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A river loved : facilitating cooperative negotiation of transboundary water resource management in the Columbia River Basin through documentary film

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dc.contributor.advisor Wolf, Aaron T.
dc.creator Watson, Julie Elkins
dc.date.accessioned 2012-06-01T20:17:17Z
dc.date.available 2012-06-01T20:17:17Z
dc.date.copyright 2012-04-25
dc.date.issued 2012-04-25
dc.identifier.uri http://hdl.handle.net/1957/29524
dc.description Graduation date: 2012 en_US
dc.description.abstract In transboundary water resources policy and management situations, such as the governance of the Columbia River Basin, complex social, ecological, and economic factors seem to be in irreconcilable competition with one another. However, cooperative negotiation provides an outlet for entities and stakeholders to "expand the pie" and develop creative alternatives for integrated, resilient management. To achieve these goals, it is critical that stakeholders have meaningful dialogue that goes beyond positions to identify the underlying values and interests in the basin. Furthermore, parties must develop a shared understanding of the substantive complexities of the social-ecological system. Collaborative learning allows participants to meet both of these objectives at once, and facilitators can spark collaboration through carefully planned interventions. The goal of this study was to test a carefully crafted "facilitative" documentary film as a facilitation tool to promote dialogue, understanding, and creative scenario development amongst parties. The study has three main components: 1) the resilience and learning analysis of the case study (the Columbia River Treaty) policy situation, 2) the creation of a facilitative film featuring interviews with diverse stakeholders in the basin, and 3) the qualitative and quantitative assessment of the effects of the film in the cooperative negotiation process. The film, A River Loved: A film about the Columbia River and the people invested in its future, premiered at the Universities Consortium Symposium on Columbia River Governance- an informal forum for dialogue held in Kimberley, British Columbia in October 2011. I measured participants' reactions to the film and found substantial support for my hypotheses, concluding that interventions such as facilitative documentary film have great potential to transform complex, multi-stakeholder social-ecological policy situations. en_US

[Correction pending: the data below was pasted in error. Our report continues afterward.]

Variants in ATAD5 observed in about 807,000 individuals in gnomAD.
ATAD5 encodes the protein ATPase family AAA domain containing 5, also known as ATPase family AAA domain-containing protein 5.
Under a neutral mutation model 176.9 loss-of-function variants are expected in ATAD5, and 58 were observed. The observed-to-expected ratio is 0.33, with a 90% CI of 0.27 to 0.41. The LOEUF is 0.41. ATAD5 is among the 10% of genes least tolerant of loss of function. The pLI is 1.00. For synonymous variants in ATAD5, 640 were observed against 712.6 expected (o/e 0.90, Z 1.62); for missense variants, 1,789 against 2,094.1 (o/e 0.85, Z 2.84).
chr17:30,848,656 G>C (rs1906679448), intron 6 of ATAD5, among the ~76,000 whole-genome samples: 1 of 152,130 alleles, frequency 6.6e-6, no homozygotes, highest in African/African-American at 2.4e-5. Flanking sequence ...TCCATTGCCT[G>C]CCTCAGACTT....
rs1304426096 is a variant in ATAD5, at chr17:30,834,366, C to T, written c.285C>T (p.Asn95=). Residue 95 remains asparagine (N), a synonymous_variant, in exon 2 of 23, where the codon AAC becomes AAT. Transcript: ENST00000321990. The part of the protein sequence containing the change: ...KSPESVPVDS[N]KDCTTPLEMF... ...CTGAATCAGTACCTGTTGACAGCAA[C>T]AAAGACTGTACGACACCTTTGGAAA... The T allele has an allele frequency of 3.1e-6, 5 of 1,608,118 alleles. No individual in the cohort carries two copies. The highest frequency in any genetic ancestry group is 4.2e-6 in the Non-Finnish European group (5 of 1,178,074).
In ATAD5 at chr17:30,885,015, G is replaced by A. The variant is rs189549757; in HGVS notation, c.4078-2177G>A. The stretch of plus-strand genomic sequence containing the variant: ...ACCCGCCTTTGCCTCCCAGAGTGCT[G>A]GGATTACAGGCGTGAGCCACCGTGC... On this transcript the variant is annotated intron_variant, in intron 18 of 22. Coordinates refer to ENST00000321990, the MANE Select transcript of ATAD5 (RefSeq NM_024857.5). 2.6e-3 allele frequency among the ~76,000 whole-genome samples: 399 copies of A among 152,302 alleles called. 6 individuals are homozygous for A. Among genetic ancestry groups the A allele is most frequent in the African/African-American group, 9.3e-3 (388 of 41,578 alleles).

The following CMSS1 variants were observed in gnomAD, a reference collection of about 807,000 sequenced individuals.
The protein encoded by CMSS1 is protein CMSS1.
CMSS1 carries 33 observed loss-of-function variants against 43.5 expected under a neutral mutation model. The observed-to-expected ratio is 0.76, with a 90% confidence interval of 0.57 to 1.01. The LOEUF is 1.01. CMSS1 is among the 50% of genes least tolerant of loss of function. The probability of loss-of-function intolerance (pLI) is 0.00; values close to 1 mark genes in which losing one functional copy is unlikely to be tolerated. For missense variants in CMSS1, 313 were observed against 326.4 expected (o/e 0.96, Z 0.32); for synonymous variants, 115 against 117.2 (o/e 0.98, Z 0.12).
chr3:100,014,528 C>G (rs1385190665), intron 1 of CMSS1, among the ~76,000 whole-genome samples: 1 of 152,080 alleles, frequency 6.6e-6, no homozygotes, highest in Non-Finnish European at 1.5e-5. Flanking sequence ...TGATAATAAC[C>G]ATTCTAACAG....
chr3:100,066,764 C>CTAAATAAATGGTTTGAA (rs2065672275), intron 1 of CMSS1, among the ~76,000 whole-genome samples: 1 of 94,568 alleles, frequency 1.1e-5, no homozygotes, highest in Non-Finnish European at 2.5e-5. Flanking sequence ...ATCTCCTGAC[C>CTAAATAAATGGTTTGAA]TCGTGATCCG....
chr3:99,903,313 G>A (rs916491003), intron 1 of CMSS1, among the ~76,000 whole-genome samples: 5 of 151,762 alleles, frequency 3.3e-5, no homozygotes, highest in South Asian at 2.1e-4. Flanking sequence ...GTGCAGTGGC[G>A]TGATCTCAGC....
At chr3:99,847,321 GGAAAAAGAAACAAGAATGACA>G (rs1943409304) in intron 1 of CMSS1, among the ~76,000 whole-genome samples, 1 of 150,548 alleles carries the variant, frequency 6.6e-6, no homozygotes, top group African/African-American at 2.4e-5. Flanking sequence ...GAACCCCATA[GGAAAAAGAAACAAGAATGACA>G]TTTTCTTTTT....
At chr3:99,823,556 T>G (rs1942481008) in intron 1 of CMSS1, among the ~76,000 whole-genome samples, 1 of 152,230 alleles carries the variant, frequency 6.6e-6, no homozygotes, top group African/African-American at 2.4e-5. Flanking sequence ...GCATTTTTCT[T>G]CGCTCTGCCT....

dc.language.iso en_US en_US
dc.relation Lower Columbia Explorer en_US
dc.subject Columbia River en_US
dc.subject Facilitation en_US
dc.subject Collaboration en_US
dc.subject Film en_US
dc.subject Documentary en_US
dc.subject Transboundary en_US
dc.subject Cooperation en_US
dc.subject Resilience en_US
dc.subject Social-ecological systems en_US
dc.subject Water resources en_US
dc.subject Management en_US
dc.subject Policy en_US
dc.subject.lcsh Water-supply -- Columbia River Watershed -- Management en_US
dc.subject.lcsh Watershed management -- Columbia River Watershed en_US
dc.subject.lcsh Columbia River Watershed -- In motion pictures en_US
dc.subject.lcsh Documentary films en_US
dc.subject.lcsh Natural resources -- Co-management -- Columbia River Watershed
dc.title A river loved : facilitating cooperative negotiation of transboundary water resource management in the Columbia River Basin through documentary film en_US
dc.type Thesis/Dissertation en_US
dc.degree.name Master of Science (M.S.) in Water Resources Policy & Management en_US
dc.degree.level Master's en_US
dc.degree.discipline Graduate School en_US
dc.degree.grantor Oregon State University en_US
dc.contributor.committeemember Walker, Gregg B.
dc.contributor.committeemember Loges, William E.
dc.contributor.committeemember Surfleet, Chris
dc.description.peerreview no en_us

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